Guest / Limited Access /

Norway's Minister of Culture and Church Affairs criticizes church prayers for soccer
Earlier this week, Lars Sperre, pastor of Trondheim, Norway's Tempe Church, told the national television network that he's praying for Rosenborg Trondheim, the soccer team that plays near his church. The team has dominated the league in recent years, with 11 straight titles. Now an Oslo team appears set to dethrone it.

"I have noticed that Rosenborg is struggling in the elite division and all who struggle need prayer," Sperre said. Besides, he added, when Rosenborg loses, his parishioners become very depressed, so why not petition God on such a matter?

Sperre may have been kidding, but his comments have elicited reaction from players, fans, theologians, fellow churchmen, and now even the government. (In Norway, those aren't necessarily separate categories: The Lutheran Church is the state church, and is officially headed by the Norwegian king.)

"First, football matches don't mean that much, second, then one has to pray that things go badly for the opposing team," Rosenborg player Fredrik Winsnes, a former missionary, said. The team's assistant trainer was even more critical: "I don't think God accepts such thoughts and attitudes."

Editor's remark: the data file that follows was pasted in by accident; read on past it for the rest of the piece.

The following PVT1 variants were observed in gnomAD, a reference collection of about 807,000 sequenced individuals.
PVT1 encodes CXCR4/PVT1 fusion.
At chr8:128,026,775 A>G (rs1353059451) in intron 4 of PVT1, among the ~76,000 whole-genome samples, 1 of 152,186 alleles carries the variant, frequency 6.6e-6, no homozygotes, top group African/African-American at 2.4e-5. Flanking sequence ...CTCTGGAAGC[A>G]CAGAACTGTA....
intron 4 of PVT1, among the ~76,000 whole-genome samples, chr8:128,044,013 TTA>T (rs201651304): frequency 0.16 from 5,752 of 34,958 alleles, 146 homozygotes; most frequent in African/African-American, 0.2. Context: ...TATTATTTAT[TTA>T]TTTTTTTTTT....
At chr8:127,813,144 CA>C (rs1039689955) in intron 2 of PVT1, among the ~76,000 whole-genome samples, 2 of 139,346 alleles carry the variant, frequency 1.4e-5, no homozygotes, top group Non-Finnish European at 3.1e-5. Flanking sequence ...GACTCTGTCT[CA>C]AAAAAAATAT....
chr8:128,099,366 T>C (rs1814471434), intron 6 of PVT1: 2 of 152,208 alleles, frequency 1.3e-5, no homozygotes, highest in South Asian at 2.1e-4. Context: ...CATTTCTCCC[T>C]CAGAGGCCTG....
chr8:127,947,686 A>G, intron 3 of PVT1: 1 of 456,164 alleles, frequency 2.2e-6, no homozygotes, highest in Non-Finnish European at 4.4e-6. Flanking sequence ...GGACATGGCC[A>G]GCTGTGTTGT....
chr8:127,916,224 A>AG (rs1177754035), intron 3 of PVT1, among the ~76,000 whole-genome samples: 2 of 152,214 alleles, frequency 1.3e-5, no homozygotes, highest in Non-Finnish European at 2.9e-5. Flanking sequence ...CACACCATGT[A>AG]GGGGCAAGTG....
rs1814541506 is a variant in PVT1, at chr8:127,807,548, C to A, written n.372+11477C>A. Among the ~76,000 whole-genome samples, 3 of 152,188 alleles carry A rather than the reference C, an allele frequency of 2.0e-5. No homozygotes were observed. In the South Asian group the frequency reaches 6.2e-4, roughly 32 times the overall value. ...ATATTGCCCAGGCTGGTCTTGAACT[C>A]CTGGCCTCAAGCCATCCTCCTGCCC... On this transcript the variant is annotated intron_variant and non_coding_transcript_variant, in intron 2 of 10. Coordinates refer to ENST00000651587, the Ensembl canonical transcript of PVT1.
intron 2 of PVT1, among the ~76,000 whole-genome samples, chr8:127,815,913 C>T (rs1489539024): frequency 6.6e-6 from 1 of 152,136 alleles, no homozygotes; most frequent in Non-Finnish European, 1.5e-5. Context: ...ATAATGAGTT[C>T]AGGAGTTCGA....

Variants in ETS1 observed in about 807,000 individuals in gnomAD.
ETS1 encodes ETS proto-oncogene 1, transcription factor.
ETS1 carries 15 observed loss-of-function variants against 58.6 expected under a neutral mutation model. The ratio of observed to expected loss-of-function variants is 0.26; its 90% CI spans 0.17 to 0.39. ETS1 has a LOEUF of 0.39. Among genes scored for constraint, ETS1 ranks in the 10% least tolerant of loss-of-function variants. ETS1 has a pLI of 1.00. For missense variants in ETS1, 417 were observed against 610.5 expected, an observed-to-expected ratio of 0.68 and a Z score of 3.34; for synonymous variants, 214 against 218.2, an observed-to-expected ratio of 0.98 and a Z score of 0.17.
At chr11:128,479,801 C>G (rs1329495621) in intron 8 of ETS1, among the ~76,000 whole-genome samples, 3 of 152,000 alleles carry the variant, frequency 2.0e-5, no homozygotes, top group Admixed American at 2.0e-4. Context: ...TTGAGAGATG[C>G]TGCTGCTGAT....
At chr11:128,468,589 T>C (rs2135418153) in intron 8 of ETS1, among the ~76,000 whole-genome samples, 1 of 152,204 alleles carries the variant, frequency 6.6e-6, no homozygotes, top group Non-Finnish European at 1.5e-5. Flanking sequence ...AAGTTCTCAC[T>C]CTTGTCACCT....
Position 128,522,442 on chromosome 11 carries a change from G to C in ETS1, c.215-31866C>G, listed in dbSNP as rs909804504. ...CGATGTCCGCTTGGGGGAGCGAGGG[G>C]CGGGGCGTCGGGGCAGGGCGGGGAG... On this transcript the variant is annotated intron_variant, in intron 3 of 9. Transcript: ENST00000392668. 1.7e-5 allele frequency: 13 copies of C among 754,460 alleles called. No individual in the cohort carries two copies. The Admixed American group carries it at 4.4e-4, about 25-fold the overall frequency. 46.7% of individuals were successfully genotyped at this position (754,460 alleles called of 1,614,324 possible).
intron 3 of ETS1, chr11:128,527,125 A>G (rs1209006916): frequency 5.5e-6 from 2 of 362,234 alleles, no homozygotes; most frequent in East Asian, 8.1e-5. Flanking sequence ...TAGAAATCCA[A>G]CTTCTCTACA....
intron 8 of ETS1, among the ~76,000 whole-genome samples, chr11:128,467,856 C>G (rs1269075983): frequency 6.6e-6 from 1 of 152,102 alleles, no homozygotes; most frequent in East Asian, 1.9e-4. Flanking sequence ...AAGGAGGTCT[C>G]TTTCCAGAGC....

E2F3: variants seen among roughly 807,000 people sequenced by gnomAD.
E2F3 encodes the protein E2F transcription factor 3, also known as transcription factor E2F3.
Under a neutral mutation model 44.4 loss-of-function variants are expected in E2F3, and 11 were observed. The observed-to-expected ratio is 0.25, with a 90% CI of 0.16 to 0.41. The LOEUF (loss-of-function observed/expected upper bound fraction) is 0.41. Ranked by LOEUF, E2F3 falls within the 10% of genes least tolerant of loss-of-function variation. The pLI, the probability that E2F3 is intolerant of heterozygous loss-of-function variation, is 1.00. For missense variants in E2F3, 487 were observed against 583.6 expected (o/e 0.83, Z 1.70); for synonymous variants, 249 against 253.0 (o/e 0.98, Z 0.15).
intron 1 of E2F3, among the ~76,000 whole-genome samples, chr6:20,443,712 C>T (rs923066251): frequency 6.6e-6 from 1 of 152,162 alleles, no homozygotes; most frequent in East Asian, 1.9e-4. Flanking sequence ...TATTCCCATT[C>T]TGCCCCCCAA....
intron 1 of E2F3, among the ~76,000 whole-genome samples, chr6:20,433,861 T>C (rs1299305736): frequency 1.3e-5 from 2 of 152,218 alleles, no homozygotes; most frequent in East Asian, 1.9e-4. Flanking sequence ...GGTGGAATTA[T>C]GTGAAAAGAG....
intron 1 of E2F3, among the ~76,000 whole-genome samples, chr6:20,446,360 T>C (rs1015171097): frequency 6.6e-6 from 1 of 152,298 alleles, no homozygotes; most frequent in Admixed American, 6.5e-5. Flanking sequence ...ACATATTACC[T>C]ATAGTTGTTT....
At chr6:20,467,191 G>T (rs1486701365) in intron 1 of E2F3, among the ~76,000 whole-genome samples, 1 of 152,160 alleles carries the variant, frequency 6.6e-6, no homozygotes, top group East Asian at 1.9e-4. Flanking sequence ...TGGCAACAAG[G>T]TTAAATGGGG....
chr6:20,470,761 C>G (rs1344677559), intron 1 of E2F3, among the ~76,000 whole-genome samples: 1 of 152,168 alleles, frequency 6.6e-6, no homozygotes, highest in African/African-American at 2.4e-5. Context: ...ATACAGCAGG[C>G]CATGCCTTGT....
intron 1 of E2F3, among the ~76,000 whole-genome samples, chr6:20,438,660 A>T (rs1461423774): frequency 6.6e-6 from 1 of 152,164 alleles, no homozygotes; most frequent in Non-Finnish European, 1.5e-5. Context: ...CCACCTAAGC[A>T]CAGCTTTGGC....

More critical still is theology professor Jacob Jervell, who said, "Praying that your team will win is nearly blasphemy."

Even the government's Minister of Culture and Church Affairs has weighed in. Praying for soccer is "too banal," she told the newspaper Dagsavisen. "I don't want to meddle with what people pray for in private, but I think this is a bit flippant in regards to prayer in church." (That's according to the Oslo paper Aftenposten. A television station had a slightly different translation, calling it "absurd" ...

Subscriber access only You have reached the end of this Article Preview

To continue reading, subscribe now. Subscribers have full digital access.

Read These NextSee Our Latest
RecommendedHouston Drops Sermons from Subpoenas
Houston Drops Sermons from Subpoenas
Opponents still question relevance of pastor info to their case.
TrendingMark Driscoll Resigns from Mars Hill
Mark Driscoll Resigns from Mars Hill
"I do not want to be the source of anything that might detract from our church’s mission."
Editor's PickThe Softer Face of Calvinism
The Softer Face of Calvinism
Reformed theology is more irenic and diverse than you think, says theologian Oliver Crisp.
Comments
Christianity Today
Norway Aflutter Over Soccer Prayers
hide thisAccess The Archives

In the Archives

September 2004

To continue reading, subscribe now for full print and digital access.